Europe’s response to Ukraine crisis: More gas, but from elsewhere
Europe faces the prospect of Putin turning off its gas taps in tit for tat sanctions following Russia’s invasion of Ukraine, writes Energy Monitor’s Dave Keating.
EU prime ministers have adopted the harshest sanctions regime ever enacted in EU history, freezing Russia out of the international financial system in response to its full-scale invasion of Ukraine.
Should Putin stop sending gas to the West, European Commission President Ursula von der Leyen said at a press conference that the EU has a contingency plan. “For this winter we will have enough supplies of LNG [liquified natural gas] from elsewhere, from reliable suppliers,” she insisted. “We have been working hard [on that] in the last weeks.” The EU recently got assurances from Norway, Japan, Qatar and the US for an increase in LNG shipments should Putin turn off the taps.
Even if von der Leyen is right, this would only buy Europe a few weeks. What happens after that? “This is the short term,” she conceded. “With these bad experiences over the last year we have to develop a clear strategy how to get completely independent of Russian fossil fuel. One of the solutions is, if I look at the gas sector, to work with the suppliers of LNG. […] We have the terminals, we have the pipeline network all over the EU, so wherever the LNG lands it can be brought to every different part of the EU. But it also has a second big advantage: this whole infrastructure can be used over time for green hydrogen.”
Replacing gas with gas
The president’s focus on diversification and hydrogen as solutions to the prospect of losing access to Russian gas has dismayed environmental campaigners. “We have had eight years of pursuing diversification and it failed,” lamented Tara Connelly from the NGO Global Witness. That von Der Leyen used the press conference to tout the benefits of hydrogen and an implied carbon-neutral LNG rankled. Renewables are plentiful and far cheaper than gas. Why are so many leaders still pursuing fossil fuel diversification rather than a rapid and dramatic switch to renewables?
The answer is that short-term thinking is clouding long-term planning. “The motto is get rid of the dependency on Russian gas and go deep into the renewables, and this will be our new strategy we have to intensify,” von der Leyen said at the press conference.
But beyond this “motto”, there has been nothing in the past weeks to suggest EU leaders are serious about responding to the Russian crisis with a dramatic switch to renewables. In the short term, the easier solution is to switch to LNG, but even that isn’t as simple as von der Leyen suggested. There are still few LNG ports in the EU and Europe’s pipeline network is not yet sophisticated enough to spread out the gas as she described.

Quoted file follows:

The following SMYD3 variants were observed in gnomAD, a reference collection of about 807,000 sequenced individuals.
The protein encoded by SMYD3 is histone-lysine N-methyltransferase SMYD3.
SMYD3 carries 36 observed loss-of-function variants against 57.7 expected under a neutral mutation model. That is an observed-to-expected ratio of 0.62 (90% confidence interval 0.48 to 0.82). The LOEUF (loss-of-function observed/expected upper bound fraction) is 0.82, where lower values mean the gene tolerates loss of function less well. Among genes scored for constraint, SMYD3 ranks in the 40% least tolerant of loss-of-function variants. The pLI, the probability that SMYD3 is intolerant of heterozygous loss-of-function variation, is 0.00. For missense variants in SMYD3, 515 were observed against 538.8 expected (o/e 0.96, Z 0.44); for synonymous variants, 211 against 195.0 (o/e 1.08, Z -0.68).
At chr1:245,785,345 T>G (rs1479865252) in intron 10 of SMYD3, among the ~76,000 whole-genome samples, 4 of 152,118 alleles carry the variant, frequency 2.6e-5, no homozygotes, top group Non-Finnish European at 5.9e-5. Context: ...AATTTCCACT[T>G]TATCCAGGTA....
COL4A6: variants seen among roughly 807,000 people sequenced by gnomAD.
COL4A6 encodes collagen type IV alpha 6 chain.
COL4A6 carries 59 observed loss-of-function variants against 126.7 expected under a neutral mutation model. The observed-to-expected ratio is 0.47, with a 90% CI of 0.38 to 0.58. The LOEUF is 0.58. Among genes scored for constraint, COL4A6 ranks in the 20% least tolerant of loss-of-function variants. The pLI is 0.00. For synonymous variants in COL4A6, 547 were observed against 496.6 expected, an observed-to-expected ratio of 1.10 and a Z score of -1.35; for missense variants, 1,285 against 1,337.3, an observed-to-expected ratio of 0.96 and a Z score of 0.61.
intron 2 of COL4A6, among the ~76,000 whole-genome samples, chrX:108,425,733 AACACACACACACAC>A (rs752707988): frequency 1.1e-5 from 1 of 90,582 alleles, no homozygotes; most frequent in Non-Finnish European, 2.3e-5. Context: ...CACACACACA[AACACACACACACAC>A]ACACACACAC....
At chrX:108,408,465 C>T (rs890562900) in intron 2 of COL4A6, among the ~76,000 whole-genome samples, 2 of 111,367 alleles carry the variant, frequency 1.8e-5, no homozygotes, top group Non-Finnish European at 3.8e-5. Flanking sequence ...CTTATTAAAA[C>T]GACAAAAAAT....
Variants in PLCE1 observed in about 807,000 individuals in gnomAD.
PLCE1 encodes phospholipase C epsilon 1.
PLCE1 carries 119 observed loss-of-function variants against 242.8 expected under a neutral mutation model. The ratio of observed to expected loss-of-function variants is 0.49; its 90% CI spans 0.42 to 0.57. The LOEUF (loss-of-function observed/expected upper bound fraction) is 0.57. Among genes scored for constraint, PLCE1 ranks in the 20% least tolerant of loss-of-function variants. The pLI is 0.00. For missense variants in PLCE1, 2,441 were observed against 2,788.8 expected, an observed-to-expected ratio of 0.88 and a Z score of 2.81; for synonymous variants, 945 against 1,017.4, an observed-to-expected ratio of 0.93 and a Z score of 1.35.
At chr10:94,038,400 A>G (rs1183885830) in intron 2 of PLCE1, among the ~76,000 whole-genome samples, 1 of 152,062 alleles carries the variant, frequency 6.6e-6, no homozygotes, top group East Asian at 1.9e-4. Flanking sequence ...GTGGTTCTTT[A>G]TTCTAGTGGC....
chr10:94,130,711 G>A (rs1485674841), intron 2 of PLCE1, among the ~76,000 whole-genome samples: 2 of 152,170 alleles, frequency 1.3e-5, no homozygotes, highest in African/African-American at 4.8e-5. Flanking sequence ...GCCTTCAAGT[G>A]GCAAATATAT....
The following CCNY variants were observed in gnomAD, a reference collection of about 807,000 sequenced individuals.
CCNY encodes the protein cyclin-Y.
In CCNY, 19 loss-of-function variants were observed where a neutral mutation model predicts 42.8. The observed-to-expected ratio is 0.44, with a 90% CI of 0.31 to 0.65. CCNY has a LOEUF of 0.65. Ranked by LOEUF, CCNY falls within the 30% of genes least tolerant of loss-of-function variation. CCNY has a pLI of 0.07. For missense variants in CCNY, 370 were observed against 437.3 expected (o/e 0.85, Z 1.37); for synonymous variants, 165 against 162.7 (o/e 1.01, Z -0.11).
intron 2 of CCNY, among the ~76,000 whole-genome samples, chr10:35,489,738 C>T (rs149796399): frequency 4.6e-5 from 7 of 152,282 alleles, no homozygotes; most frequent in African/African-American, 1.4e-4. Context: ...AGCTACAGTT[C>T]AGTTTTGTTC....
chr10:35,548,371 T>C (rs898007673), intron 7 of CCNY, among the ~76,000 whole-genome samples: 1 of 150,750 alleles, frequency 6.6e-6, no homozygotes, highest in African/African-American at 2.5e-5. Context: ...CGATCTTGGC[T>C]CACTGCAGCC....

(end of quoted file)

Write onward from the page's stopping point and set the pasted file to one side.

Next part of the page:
Even the soaring gas price has not prompted a wholesale switch to renewables because of flaws in the European energy market, say experts. Renewables are now being used as a substitute for gas, but that is slowing the transition away from coal. The problem is there is no big-picture thinking about how to wean Europe off gas, says Charles Moore from climate think tank Ember. “Europe has been focused on coal, but not gas," he notes. "The gas crisis is a big wake-up call. We need to get off both coal and gas by 2035.”
However, others say this unpredictable war in Europe’s east makes it the worst possible time to put pressure on oil and gas markets.
"Widespread government policies hostile to oil and gas need to change before the industry will make long-term investments for new supply,” says Craig Golinowski, a managing partner with the consultancy Carbon Infrastructure Partners. Increasing oil production, along with building carbon capture and storage plants, could alleviate high oil prices while also working towards net-zero, he says. Climate policies hostile to oil and gas inhibit those investments, which are needed for energy security, he suggests.
Nord Stream 2: I’ll be back
Part of the volatility in eastern Europe was the sudden suspension of the Nord Stream 2 pipeline by the German Government following Russia’s recognition of the two breakaway republics in Ukraine’s east.
The pipeline is complete and was schedule to come online later this year. After years of insisting it is a purely economic project, Berlin’s sudden change of tact came as a surprise – but it is possible, perhaps even probable, that the project will be revived. It is, after all, ready to go, with gas already in it under the Baltic Sea. The procedural step stopping it “does not mean it is sanctioned by this step or that it can never come”, said German Vice-Chancellor and Minister for Economic Affairs and Climate Action Robert Habeck on 24 February.
There was no sign that the suspension of Nord Stream 2 signals any wider acceleration of Germany’s plan to mostly phase out fossil gas by 2045 in order to reach climate neutrality. However, Habeck said he will bring forward an energy transition monitoring report planned for 2026 to this summer. For the moment, however, the increased use of natural gas in the medium term is still central to the German plan for climate neutrality by 2045, an approach supported by German industry association BDI.
It has said any effort to reduce German dependency on Russian gas should not affect the place of gas in the plan and should only further incentivise the construction of domestic gas plants and infrastructure for gas coming from elsewhere.
EU finance ministers are meeting in Paris to discuss the economic fallout from the war. There will be plenty of voices, notably Poland, that will say climate legislation and renewables investment need to be suspended in order to give relief to citizens who are about to see a major increase in their energy bills. However, climate campaigners say to do so would show that Europeans have not learned any lessons from the vulnerable position they now find themselves in.